Are you using a premise Exchange Server at the office?

Microsoft Exchange servers are once more in the crosshairs of hackers around the world.  Most recently, hacking groups have been specifically targeting them to deploy BlackCat ransomware.

As is common among ransomware attacks, the hackers here first rifle through an infected network, looking for login credentials, proprietary information, and other sensitive files that they can copy and exfiltrate.  They exploit a target organization in two ways. They ultimately encrypt a target's files and demand payment to unlock them and then ransom the copied files for additional payment.

This should be regarded as a serious threat.  Although Microsoft tries gamely to keep Exchange servers secure, there are several vulnerabilities in the code. An organization that doesn't apply security patches as soon as they are available is incredibly vulnerable to these attacks.

It's a sufficiently significant threat that in April, the FBI issued a Flash Alert about BlackCat, warning that the recent surge in attacks have compromised more than sixty different organizations worldwide.


The FBI alert reads

"Many of the developers and money launderers for BlackCat/ALPHV are linked to Darkside/Blackmatter, indicating they have extensive networks and experience with ransomware operations."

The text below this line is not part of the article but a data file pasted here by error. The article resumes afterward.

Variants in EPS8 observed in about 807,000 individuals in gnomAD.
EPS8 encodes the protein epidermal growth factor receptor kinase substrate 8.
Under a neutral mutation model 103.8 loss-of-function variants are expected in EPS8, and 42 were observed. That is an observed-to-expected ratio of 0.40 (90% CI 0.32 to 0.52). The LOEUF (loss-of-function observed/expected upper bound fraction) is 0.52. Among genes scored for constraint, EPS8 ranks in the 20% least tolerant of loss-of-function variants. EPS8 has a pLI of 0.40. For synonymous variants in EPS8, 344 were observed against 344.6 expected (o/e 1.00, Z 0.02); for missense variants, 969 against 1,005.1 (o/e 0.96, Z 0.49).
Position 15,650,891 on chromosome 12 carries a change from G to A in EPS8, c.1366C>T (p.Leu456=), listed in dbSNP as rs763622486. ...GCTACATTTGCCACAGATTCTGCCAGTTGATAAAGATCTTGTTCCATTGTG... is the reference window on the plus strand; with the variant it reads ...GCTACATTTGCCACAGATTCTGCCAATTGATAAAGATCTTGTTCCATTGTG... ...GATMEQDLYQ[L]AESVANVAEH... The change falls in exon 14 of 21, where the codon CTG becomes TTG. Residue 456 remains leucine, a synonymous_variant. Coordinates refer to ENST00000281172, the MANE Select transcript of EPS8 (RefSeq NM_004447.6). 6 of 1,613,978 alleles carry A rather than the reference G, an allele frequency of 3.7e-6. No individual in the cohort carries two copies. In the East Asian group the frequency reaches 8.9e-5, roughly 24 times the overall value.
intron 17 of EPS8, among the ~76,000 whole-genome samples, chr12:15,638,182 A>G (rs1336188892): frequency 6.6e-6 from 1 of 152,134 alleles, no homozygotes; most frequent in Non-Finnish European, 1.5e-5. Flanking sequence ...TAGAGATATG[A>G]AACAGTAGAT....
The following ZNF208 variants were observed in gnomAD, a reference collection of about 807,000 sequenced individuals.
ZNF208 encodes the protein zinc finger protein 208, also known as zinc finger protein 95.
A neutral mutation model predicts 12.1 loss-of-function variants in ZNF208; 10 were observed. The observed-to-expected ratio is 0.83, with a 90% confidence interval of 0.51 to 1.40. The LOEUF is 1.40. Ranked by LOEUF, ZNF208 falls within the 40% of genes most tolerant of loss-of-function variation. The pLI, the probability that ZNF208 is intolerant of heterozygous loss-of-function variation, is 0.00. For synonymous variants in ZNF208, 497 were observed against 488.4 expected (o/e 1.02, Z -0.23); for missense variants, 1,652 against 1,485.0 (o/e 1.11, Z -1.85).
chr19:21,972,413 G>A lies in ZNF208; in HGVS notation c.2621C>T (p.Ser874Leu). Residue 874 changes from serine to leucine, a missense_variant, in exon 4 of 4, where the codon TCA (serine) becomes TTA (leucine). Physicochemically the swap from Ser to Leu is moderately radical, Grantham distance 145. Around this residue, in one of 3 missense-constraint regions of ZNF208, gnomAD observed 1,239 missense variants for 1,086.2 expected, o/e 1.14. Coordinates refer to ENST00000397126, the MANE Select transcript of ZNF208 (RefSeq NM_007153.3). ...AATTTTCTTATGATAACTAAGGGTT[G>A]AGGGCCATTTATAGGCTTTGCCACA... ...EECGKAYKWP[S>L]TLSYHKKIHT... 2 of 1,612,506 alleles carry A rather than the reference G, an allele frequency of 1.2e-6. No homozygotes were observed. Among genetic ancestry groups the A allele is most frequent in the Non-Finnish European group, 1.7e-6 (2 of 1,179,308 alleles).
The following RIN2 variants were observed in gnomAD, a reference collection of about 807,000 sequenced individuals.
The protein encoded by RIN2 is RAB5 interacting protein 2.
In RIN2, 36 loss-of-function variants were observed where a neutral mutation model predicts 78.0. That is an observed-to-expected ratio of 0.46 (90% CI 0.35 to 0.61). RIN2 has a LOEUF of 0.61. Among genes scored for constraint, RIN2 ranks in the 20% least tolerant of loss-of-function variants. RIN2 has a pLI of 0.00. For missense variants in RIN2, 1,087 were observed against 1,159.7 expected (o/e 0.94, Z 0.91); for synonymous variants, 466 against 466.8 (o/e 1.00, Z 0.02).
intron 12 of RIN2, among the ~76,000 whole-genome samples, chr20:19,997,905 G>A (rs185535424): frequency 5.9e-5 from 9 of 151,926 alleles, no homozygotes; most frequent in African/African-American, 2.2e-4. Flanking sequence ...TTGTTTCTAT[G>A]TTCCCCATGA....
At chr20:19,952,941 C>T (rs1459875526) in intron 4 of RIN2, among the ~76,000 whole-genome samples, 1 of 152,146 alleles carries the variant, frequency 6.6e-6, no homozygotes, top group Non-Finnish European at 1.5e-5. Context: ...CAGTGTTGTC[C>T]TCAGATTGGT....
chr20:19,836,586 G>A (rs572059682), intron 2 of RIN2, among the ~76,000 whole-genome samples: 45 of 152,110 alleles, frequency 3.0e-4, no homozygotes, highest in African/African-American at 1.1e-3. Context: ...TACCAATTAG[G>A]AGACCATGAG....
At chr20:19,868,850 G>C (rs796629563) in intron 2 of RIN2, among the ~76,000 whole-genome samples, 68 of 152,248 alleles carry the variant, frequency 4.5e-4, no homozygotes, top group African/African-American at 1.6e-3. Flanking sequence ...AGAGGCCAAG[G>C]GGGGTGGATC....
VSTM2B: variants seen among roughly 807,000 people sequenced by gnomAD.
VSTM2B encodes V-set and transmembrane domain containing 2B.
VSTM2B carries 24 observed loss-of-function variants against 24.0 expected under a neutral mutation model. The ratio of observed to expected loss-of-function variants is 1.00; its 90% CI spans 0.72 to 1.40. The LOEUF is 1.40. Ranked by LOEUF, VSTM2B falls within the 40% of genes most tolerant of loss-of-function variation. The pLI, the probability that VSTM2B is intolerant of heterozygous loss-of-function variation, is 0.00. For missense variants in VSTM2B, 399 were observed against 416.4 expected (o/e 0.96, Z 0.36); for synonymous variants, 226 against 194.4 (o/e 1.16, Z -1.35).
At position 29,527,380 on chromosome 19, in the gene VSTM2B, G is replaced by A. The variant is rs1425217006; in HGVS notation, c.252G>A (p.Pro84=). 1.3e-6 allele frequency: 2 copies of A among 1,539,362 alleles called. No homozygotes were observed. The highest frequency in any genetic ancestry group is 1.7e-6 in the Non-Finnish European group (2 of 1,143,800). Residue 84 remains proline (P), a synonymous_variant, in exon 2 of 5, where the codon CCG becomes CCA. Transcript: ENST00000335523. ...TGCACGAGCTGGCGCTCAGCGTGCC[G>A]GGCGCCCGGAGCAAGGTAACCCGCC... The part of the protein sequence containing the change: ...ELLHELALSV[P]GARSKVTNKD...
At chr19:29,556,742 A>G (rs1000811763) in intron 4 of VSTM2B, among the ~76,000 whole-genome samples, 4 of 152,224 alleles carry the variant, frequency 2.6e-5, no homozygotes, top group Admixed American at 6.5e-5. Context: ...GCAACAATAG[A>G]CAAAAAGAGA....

The FBI has also requested the assistance of any organization that becomes compromised so they can track the attacks back to their source and take action against them.


Again, the FBI Flash Alert reads

"IP logs showing callbacks from foreign IP addresses, Bitcoin or Monero addresses and transaction IDs, communications with the threat actors, the decryptor file, and/or a benign sample of an encrypted file."


My perspective

Here's hoping your organization doesn't wind up in the crosshairs of hackers. If you happen to, give the FBI a hand so they can shut these miscreants down.


It's the Bat-Signal!


By Denis Wilson

Cybersecurity Expert, Small Business Technology Consultant, Managed Services Provider, Managed IT Support

Thanks for reading this post. I always take into mind that your time and attention are precious. And these posts need to be timely, to the point, and short.

For more tips on thriving with small business technology, check out the other blog posts at DWPIA Blogs. You can also find me on LinkedIn, Facebook, and Twitter

I am also a published author and speaker on cloud computing, work-at-home, and cybersecurity. I work extensively with business and professional associations to provide free small business technology education programs.


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